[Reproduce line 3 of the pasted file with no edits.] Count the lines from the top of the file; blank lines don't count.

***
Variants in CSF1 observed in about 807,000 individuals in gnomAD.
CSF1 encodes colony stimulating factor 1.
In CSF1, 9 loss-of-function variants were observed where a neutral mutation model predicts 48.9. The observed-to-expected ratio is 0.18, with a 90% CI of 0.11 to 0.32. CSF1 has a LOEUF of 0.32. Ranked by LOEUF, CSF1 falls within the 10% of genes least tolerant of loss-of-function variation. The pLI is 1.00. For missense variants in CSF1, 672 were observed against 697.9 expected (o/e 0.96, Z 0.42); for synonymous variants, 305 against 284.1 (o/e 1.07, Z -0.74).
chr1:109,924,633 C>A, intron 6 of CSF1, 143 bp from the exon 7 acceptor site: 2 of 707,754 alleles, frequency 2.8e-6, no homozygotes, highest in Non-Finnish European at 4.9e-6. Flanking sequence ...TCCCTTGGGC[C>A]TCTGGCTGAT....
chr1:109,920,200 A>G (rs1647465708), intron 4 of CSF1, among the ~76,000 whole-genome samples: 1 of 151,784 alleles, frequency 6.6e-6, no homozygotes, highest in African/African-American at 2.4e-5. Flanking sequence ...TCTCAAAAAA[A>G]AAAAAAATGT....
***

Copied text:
In CSF1, 9 loss-of-function variants were observed where a neutral mutation model predicts 48.9. The observed-to-expected ratio is 0.18, with a 90% CI of 0.11 to 0.32. CSF1 has a LOEUF of 0.32. Ranked by LOEUF, CSF1 falls within the 10% of genes least tolerant of loss-of-function variation. The pLI is 1.00. For missense variants in CSF1, 672 were observed against 697.9 expected (o/e 0.96, Z 0.42); for synonymous variants, 305 against 284.1 (o/e 1.07, Z -0.74).